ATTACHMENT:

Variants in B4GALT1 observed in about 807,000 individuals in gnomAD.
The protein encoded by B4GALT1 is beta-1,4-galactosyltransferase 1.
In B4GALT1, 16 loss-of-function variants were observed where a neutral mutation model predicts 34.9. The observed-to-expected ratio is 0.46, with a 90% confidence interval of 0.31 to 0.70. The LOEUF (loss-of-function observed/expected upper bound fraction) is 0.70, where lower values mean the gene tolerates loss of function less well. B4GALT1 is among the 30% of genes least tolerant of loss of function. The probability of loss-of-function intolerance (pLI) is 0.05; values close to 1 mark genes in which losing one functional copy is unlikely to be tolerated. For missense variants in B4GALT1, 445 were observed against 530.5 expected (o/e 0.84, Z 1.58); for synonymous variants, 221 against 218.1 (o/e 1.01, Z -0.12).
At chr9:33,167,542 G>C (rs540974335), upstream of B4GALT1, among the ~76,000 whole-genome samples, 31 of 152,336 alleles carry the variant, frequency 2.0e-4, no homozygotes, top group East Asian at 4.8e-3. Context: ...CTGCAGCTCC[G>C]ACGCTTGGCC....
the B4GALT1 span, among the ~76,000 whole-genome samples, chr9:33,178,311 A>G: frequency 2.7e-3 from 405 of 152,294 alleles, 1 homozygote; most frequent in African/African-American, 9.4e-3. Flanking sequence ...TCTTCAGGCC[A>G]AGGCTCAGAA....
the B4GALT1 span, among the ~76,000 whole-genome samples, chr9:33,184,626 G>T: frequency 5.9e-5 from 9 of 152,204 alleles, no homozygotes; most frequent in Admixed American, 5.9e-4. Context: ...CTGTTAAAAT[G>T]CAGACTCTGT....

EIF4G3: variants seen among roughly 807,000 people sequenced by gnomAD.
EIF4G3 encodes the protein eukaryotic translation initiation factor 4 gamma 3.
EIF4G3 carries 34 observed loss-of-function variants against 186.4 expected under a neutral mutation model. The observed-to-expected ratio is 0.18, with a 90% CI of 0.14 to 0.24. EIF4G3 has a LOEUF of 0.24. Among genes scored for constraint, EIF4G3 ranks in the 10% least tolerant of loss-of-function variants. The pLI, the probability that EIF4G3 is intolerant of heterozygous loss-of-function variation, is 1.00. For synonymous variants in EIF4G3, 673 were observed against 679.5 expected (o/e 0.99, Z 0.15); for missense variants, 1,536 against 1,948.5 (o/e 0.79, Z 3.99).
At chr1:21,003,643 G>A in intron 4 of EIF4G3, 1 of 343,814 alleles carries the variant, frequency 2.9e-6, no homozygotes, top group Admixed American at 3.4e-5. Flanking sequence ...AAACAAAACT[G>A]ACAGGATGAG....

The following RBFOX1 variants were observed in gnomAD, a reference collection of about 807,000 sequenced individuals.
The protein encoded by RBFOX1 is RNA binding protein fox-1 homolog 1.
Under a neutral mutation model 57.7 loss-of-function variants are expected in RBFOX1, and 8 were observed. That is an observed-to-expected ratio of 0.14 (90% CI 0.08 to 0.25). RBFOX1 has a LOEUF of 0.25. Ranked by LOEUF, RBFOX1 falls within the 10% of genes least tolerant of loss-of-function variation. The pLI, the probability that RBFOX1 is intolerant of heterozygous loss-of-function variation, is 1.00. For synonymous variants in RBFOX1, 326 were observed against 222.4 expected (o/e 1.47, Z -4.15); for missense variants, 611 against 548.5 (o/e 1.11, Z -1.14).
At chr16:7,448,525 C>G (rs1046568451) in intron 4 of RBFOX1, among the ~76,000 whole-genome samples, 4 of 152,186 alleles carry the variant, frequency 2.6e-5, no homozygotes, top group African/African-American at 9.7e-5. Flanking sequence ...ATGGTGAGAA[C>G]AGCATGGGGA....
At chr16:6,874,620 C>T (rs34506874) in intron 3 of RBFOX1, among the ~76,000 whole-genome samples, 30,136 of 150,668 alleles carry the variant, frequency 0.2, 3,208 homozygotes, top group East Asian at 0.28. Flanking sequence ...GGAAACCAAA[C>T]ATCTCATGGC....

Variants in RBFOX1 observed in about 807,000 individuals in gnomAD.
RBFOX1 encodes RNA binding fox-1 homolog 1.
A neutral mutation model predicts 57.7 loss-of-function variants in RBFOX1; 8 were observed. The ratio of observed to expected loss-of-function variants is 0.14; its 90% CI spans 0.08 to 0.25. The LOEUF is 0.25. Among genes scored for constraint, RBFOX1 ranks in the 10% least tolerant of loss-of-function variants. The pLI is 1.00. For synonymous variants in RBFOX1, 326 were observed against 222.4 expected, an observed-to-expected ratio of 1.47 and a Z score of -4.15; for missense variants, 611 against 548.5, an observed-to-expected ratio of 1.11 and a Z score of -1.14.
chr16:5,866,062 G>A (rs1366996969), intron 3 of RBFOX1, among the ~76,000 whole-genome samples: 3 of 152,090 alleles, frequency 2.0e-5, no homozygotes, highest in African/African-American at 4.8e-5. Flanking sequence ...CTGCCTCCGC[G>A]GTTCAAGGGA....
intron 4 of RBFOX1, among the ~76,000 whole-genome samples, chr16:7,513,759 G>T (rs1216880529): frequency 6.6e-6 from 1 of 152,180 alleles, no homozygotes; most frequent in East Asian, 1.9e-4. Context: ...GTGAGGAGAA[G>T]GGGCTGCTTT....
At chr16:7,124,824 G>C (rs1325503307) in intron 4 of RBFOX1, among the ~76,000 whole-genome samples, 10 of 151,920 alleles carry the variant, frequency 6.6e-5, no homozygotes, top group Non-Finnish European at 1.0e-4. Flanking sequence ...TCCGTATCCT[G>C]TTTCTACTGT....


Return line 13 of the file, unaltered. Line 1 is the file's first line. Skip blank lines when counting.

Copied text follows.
Under a neutral mutation model 57.7 loss-of-function variants are expected in RBFOX1, and 8 were observed. That is an observed-to-expected ratio of 0.14 (90% CI 0.08 to 0.25). RBFOX1 has a LOEUF of 0.25. Ranked by LOEUF, RBFOX1 falls within the 10% of genes least tolerant of loss-of-function variation. The pLI, the probability that RBFOX1 is intolerant of heterozygous loss-of-function variation, is 1.00. For synonymous variants in RBFOX1, 326 were observed against 222.4 expected (o/e 1.47, Z -4.15); for missense variants, 611 against 548.5 (o/e 1.11, Z -1.14).